What can I use instead of vegetable shortenings?

In this brief article, we are going to answer the question, “What can I use instead of vegetable shortenings?”, and discuss what vegetable shortenings are, along with a brief description of the substitutes that can be used instead of vegetable shortenings.

What can I use instead of vegetable shortenings?

Apple sauce, mashed bananas, vegan butter, margarine, coconut oil, vegetable oil, lard, butter, along with fats of meat and poultry can be used instead of vegetable shortening.

Coconut oil

Coconut oil is solid at room temperature . A 1:1 ratio can be used if the coconut oil is to be replaced with vegetable shortenings. Coconut oils have a natural strong and sweet aroma. If this aroma is not desired, one can opt for refined coconut oils. 

Margarine and Butter

Both margarine and butter can be used as alternatives to vegetable shortenings. Both contain small amounts of water adding to moisture as compared to vegetable shortenings, which is 100% fats. Fat is responsible for richness and tenderness. 

They have different melting points and can be substituted in the same ratios. 100% butter can be used instead of shortenings in baking cookies, but the amount of liquid needs to be lowered for reasons already mentioned before. Butter and coconut oil can be mixed and used as another alternative too.

Butter oil

Butter, oil, leaf lards and bacon fats can be used as replacement to shortenings in the formation of bread doughs. Bread doughs are usually enriched with fat which has a role in providing the tenderness and flavour. Similarly, margarine, coconut oil and butters are also an ideal way to make frostings. 

Butter on the other hand is not a suitable substitute for frying because it burns easily as it has a low smoking point. It is usually and mostly added in baking to provide flavour.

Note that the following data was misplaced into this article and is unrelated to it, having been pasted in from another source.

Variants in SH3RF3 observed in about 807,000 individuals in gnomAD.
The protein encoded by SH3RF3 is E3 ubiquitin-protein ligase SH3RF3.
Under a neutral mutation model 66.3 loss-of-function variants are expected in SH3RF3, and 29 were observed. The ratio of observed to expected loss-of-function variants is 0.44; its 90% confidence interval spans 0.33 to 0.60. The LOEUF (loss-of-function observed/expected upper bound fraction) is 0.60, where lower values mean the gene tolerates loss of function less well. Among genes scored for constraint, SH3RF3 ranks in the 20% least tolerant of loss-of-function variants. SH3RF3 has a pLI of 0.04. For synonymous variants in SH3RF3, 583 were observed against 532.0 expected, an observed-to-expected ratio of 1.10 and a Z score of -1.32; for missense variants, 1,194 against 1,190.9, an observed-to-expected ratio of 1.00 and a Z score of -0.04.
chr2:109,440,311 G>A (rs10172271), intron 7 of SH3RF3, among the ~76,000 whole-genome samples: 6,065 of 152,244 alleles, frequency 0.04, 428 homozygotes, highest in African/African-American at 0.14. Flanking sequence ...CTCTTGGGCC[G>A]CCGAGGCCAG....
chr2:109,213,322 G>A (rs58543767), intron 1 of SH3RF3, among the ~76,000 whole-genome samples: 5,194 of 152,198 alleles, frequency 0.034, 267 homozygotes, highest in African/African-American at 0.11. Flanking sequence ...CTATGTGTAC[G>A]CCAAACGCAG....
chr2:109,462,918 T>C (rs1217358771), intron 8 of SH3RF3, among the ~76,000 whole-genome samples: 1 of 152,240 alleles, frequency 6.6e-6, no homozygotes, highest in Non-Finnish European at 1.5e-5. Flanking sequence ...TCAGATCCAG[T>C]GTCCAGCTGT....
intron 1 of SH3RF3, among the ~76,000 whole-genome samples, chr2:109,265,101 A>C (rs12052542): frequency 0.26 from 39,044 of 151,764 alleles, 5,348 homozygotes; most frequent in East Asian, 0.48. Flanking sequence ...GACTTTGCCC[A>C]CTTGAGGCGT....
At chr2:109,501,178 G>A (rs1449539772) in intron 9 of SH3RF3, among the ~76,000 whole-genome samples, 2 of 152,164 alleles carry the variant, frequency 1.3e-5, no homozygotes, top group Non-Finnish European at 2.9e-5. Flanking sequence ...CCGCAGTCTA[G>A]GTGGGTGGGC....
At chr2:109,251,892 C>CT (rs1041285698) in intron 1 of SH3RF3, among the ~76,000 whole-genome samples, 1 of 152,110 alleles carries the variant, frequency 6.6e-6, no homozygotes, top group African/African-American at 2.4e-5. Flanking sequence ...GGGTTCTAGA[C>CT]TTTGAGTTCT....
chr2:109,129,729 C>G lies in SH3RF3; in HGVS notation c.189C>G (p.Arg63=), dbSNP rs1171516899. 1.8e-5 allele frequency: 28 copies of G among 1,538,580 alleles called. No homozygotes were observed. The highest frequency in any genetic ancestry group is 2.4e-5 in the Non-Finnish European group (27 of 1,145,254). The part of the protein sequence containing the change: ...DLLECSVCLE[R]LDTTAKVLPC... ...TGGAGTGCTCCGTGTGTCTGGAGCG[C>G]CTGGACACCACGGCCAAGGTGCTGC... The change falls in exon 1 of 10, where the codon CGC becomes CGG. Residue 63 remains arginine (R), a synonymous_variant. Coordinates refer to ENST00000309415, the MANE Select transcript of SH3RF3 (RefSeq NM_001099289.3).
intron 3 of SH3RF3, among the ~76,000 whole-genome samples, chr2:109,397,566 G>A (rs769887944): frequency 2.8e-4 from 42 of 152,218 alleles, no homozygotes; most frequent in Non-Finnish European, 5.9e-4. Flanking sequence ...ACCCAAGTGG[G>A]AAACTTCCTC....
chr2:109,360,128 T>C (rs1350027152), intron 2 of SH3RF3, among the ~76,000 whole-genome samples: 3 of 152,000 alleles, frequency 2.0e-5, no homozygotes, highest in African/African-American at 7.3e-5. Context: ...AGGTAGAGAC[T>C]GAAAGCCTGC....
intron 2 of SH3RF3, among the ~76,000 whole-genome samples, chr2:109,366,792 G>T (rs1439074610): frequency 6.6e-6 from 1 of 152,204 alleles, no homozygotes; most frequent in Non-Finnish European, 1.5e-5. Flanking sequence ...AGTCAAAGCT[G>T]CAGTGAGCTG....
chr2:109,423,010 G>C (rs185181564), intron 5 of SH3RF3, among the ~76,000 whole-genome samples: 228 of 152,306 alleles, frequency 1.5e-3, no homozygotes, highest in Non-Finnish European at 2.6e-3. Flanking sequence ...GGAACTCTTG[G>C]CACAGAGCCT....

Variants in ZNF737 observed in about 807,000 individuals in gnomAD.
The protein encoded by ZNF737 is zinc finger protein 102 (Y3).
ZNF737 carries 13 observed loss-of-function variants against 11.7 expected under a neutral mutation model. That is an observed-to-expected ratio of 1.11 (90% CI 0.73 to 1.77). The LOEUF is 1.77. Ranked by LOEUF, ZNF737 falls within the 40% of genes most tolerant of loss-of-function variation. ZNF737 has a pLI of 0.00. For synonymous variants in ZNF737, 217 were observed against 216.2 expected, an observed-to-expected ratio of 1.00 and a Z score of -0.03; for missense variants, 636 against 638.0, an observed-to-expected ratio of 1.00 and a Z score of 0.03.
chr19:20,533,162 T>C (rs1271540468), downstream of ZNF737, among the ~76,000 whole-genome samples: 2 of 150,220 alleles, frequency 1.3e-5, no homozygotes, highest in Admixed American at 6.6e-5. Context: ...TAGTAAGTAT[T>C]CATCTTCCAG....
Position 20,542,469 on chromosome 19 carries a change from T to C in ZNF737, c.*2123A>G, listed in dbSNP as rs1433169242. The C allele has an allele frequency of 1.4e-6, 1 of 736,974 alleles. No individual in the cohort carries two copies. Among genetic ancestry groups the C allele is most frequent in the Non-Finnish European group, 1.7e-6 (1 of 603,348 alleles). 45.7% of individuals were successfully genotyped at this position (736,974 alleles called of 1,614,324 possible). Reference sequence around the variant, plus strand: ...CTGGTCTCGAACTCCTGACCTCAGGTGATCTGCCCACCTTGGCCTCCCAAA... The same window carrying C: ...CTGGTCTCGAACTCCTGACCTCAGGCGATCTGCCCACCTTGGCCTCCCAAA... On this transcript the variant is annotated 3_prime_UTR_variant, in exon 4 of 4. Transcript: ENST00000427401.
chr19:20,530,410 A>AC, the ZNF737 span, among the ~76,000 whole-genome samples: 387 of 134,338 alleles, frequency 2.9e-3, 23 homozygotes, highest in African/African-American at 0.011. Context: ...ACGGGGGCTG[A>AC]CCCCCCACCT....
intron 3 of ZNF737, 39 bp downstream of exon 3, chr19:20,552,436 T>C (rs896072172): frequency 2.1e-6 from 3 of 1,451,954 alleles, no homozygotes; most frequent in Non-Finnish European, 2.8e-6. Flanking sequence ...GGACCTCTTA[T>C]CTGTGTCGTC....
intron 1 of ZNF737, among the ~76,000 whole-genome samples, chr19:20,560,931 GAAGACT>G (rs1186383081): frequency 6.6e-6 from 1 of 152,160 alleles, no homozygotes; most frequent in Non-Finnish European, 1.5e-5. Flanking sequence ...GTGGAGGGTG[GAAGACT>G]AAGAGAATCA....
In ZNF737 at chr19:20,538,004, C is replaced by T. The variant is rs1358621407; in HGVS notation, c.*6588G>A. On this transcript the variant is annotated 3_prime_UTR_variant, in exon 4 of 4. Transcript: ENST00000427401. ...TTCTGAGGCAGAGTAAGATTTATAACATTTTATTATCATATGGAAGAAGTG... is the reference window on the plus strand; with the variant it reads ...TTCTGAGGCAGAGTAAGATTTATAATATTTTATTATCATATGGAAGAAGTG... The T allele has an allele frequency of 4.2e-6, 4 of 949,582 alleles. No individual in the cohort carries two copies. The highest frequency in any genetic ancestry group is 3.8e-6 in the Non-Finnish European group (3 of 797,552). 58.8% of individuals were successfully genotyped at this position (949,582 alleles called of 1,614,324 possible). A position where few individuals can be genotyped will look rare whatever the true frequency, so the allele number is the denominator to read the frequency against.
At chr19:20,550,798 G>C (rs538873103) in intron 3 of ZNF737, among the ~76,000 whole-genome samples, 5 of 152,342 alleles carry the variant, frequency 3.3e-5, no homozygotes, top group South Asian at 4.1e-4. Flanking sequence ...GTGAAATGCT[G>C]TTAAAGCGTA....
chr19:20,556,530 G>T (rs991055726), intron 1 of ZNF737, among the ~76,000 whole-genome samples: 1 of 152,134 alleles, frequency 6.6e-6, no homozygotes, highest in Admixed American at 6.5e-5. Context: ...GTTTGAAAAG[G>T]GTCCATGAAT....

Fats of chicken, mutton, pork and beef can also be substituted for vegetable shortenings.


Lard is best used for recipes such as biscuits, cornbread, savoury scones or pot pies. Lard is used to fry foods such as chicken, corn chips and french fries. 

Vegetable oils

Vegetable shortenings are basically made from vegetable oils, which makes it a good alternative to be used. Vegetable oils can be used to make biscuits and pie doughs, but they won’t puff up properly as they contain less amounts of fat. 

Vegan Butter 

1-2 tablespoons of vegan butters can be used as a replacement for a cup of vegetable shortenings to obtain the correct fat to water ratios.

Mashed bananas

Ripe mashed bananas can also be used as a replacement for shortening. The texture of the food or the bakery item will be very different for obvious reasons keeping in mind that bananas do not contain fat. A ratio of 1:1 is used to replace shortenings with bananas.


Applesauce can only be used in bakery items that are naturally sweet with a texture like cakes. ½ a cup of applesauce can be substituted for a cup of vegetable shortening.


Ghee is also known as butter which is clarified. The milk solids are removed, and the water is evaporated in the process, thus ghee contains more fat and less water than butter, making it a suitable alternative to be used instead of shortenings. 

Vegetable oil, canola oil, peanut and avocado oils are good alternatives to vegetable shortenings for frying purposes because of their high smoking points. 

What are vegetable shortenings?

Vegetable shortenings are solid fats which are produced from vegetable oils, for example, soybean and cottonseed oils. 

These oils have undergone chemical transformation, turning into a solid state by the process of hydrogenation. Vegetable shortening is used in all types of recipes such as flour tortillas made at homes and white cakes. 

Vegetable shortenings are used for coating the flowers of pie doughs, for the prevention of the production of gluten, providing the flaky and a tenderised dough which contains small pockets of air that can increase in size when baked. The shortenings do not have flavours so it doesn’t interfere with the flavours of the dish. 

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In this brief article, we answered the question, “What can I use instead of vegetable shortenings?”, and discussed what vegetable shortenings are, along with a brief description of the substitutes that can be used instead of vegetable shortenings.